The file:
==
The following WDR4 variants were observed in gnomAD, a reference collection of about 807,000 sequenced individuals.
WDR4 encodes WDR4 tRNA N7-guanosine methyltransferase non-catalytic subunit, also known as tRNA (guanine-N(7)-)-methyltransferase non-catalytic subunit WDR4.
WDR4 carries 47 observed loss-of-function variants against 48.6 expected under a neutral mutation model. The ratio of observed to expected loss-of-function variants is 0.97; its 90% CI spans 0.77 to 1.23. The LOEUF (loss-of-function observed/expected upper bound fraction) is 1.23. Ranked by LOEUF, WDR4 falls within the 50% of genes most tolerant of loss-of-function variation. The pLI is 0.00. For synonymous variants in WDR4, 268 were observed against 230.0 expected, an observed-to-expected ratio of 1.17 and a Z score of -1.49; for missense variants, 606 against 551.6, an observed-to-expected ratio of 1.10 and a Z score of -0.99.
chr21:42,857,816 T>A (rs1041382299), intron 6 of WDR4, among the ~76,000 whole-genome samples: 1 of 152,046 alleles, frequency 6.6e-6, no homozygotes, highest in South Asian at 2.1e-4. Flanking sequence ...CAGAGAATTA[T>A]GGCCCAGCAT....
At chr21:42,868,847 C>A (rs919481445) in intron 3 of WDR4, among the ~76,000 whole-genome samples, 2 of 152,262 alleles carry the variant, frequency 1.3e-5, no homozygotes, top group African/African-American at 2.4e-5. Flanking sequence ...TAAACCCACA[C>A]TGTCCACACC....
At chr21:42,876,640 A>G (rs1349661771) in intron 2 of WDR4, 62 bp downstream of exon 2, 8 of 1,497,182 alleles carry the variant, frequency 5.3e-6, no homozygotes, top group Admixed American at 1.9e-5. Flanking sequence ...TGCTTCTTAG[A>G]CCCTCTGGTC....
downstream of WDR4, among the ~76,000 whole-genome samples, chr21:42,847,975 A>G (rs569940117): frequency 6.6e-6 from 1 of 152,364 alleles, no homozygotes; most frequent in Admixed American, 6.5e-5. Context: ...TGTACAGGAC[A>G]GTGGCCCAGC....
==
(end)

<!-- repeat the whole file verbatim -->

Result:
The following WDR4 variants were observed in gnomAD, a reference collection of about 807,000 sequenced individuals.
WDR4 encodes WDR4 tRNA N7-guanosine methyltransferase non-catalytic subunit, also known as tRNA (guanine-N(7)-)-methyltransferase non-catalytic subunit WDR4.
WDR4 carries 47 observed loss-of-function variants against 48.6 expected under a neutral mutation model. The ratio of observed to expected loss-of-function variants is 0.97; its 90% CI spans 0.77 to 1.23. The LOEUF (loss-of-function observed/expected upper bound fraction) is 1.23. Ranked by LOEUF, WDR4 falls within the 50% of genes most tolerant of loss-of-function variation. The pLI is 0.00. For synonymous variants in WDR4, 268 were observed against 230.0 expected, an observed-to-expected ratio of 1.17 and a Z score of -1.49; for missense variants, 606 against 551.6, an observed-to-expected ratio of 1.10 and a Z score of -0.99.
chr21:42,857,816 T>A (rs1041382299), intron 6 of WDR4, among the ~76,000 whole-genome samples: 1 of 152,046 alleles, frequency 6.6e-6, no homozygotes, highest in South Asian at 2.1e-4. Flanking sequence ...CAGAGAATTA[T>A]GGCCCAGCAT....
At chr21:42,868,847 C>A (rs919481445) in intron 3 of WDR4, among the ~76,000 whole-genome samples, 2 of 152,262 alleles carry the variant, frequency 1.3e-5, no homozygotes, top group African/African-American at 2.4e-5. Flanking sequence ...TAAACCCACA[C>A]TGTCCACACC....
At chr21:42,876,640 A>G (rs1349661771) in intron 2 of WDR4, 62 bp downstream of exon 2, 8 of 1,497,182 alleles carry the variant, frequency 5.3e-6, no homozygotes, top group Admixed American at 1.9e-5. Flanking sequence ...TGCTTCTTAG[A>G]CCCTCTGGTC....
downstream of WDR4, among the ~76,000 whole-genome samples, chr21:42,847,975 A>G (rs569940117): frequency 6.6e-6 from 1 of 152,364 alleles, no homozygotes; most frequent in Admixed American, 6.5e-5. Context: ...TGTACAGGAC[A>G]GTGGCCCAGC....